It was strange because they ignored the snow even though at times it was up to their bellies. I was curious as to what they were up to, and it soon became obvious.
They wanted into the garage! They could have wanted the grain that was stored in there but I think they wanted in the garage because they think it may be warmer. "I'm not letting you in, the barn is fine!"
Last night Sara woke me up at 1230 and wanted to go outside, she always wants to go outside when there is snow. The problem was that no matter what I did she would not come back in! I tried calling her and bribing her with a dog bone but she would not leave the yard. I finally had to get dressed and go out in the 20 degree weather and drag her in. I was not happy with her, and I couldn't figure out why she was acting so strange.
This morning I went outside to take the kids to school and discovered that the 2 rams were out of their enclosure and loose in the yard. Apparently the Commander didn't secure the latch to their area after feeding them last night and they escaped.
Seems that Sara tried to tell me last night but I didn't understand her.
Thankfully the boys didn't wander into the road or off into the woods, they hung around trying to figure out how to get in with the girls.
I needed to get them back into their pen, but how? I used the "magic" green grain bucket of course.
Just add a handful of grain to the bucket and then shake it, the noise is guaranteed to get goats, sheep, chickens, and even guinea's to follow like you were the Pied Piper of Hamelin.
The boys followed the bucket back to their pen and were safely put away. The Commander is going to get a lesson in "closing the gate" later.
Sara has been giving me the "I tried to tell you" look all day.
When I got home today we found one of my beautiful chickens was laying injured amongst the leaves in the goat pen. She was limping on her good leg and then burrowing into the leaves. It was nice to see that one of her sisters refused to leave her side.
We brought her inside and examined her, it looked like she had a puncture wound and a possible broken leg. I put some neo-sporin on the open wound and gave her some chicken electrolytes with a bit of aspirin mixed in.
I didn't have any tongue depressors to use as a splint so I substituted some card stock as a replacement.
The card stock was covered with some vet wrap to hold it in place.
The chicken has been moved inside to Sara's kennel to see how she does. I read that injured chickens are attacked by their coop mates, I'm not sure if that is true but I don't want to take any chances.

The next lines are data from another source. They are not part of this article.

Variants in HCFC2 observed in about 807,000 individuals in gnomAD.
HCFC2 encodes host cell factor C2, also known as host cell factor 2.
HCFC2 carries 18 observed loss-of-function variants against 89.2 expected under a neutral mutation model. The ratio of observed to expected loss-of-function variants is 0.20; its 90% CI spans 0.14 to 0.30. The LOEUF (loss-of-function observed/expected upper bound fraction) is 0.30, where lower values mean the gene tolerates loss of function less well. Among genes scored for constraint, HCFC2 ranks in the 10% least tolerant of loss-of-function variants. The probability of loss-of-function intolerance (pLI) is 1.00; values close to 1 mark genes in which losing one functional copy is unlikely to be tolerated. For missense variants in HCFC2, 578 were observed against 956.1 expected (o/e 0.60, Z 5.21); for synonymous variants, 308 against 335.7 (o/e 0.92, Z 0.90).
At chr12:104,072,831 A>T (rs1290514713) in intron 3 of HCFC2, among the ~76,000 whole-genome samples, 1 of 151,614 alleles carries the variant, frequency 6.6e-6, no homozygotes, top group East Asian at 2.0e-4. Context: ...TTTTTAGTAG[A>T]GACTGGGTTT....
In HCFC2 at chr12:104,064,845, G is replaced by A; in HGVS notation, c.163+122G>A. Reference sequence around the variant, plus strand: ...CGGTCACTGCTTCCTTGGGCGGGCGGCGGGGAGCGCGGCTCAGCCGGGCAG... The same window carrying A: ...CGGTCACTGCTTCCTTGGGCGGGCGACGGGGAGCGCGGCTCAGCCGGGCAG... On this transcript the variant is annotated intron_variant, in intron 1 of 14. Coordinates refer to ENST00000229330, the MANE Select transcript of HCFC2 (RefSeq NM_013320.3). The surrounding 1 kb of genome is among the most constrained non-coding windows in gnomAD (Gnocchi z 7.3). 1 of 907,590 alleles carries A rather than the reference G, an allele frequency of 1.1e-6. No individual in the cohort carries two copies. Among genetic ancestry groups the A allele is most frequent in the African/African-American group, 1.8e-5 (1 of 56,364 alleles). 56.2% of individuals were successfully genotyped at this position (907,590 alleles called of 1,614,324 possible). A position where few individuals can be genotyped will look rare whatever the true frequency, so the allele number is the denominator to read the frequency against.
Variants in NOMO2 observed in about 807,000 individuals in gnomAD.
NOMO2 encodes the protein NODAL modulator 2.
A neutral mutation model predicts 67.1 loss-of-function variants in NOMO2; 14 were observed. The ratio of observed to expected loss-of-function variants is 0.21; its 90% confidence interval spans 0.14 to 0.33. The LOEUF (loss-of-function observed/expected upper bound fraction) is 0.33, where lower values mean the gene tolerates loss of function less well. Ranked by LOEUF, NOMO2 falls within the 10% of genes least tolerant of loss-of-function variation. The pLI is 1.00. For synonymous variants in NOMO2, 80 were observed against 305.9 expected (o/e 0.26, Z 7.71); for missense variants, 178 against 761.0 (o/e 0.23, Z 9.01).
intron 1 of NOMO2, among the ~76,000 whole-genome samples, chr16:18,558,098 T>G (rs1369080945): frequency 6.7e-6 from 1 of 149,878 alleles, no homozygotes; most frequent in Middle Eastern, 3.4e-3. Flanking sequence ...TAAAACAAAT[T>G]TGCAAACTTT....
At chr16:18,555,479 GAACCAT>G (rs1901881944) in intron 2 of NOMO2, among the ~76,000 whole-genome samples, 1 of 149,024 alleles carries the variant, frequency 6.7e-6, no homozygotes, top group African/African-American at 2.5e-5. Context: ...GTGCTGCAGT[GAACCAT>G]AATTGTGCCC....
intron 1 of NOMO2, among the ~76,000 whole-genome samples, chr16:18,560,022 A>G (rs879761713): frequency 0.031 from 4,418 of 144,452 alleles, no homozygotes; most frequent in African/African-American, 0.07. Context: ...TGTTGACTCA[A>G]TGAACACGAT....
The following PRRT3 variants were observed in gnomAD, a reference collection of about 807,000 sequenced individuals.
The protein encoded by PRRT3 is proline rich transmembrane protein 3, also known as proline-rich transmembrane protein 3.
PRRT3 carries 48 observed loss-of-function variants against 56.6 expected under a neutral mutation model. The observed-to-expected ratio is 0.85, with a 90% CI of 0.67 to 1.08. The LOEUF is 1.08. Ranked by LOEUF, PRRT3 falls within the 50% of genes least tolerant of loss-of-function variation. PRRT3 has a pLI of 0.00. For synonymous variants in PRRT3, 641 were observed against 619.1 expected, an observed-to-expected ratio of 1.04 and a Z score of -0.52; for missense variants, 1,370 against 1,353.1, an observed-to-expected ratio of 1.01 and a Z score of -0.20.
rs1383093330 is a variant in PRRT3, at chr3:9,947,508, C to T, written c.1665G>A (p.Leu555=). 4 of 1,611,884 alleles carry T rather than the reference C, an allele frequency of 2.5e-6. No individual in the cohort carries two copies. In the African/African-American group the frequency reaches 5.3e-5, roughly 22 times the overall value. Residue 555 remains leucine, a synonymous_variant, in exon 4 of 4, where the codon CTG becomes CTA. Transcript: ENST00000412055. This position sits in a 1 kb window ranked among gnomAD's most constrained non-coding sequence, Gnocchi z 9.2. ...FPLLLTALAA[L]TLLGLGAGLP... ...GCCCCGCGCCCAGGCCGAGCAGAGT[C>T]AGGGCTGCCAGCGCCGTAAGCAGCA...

I'm not sure if a chicken can survive a broken/injured leg, but I hope so.
Sara wants her kennel back and Patch, Mocha, and Chai Chai are very interested in our visitor, but they had better get used to it as the kennel may have to house kids and/or lambs this Spring.
I picked up Addison and Becca Boo after the breeder called and told me to expect "kids" around April Fools day. They were a bit stinky after having spent a week with a handsome buck, but I was so happy to have them home.
Addison checked out the barn to make sure nothing had changed, now that the Queen is home things have to be just so.
Becca Boo seemed very happy to be home but she was so dirty. I had to take a few baby wipes to clean up her white fur.
Chip was so excited that he started to make his strange noises and clicking sounds to get the girls attention. Everyone had to reestablish the "pecking" order so Chip immediately challenged Addison and Becca for dominance. Addison ended up as Queen again, once that was established the others calmed down.
I saw blood on Becca's head and was worried until I realized it had come from Chips scurs. If I hadn't read about Reggie's scurs over at Critter Farm I would have been mortified. I cleaned the blood of Becca's head and put some blood stop and neosporin on Chip and everyone is one big happy family again, until April 1st!
Chip and Gidget were so lonely while Addison and Becka Boo were gone that I decided to take them with me at night when I fed the rest of the animals. They seemed to take this as an invitation to sample everyone's food. Here Gidget and Chip belly up with the ewes.
Kia isn't sure what to make of her dinner guests.
The fence doesn't stop them from helping themselves to the rams food. I am obviously more wary of the rams that the goats are.
Even the chickens weren't immune. They have one poor pine tree in their coop area and the goats decided it was too tasty to pass up. I'm not sure the goats were as much help as I thought they would be.
I am an Ocicat. My duties include; security (rodents), counter intelligence (predators), infiltration (sneaking) and night surveillance.
I live in NE Minnesota on 10 wooded acres with; my best friend Mocha, three dogs, chickens, Guinea Hens, Nigerian Dwarf Goats, Cascade Sheep, Icelandic sheep, and a few humans.
When we moved here it was completely wooded, our plan is to turn this property into a working homestead.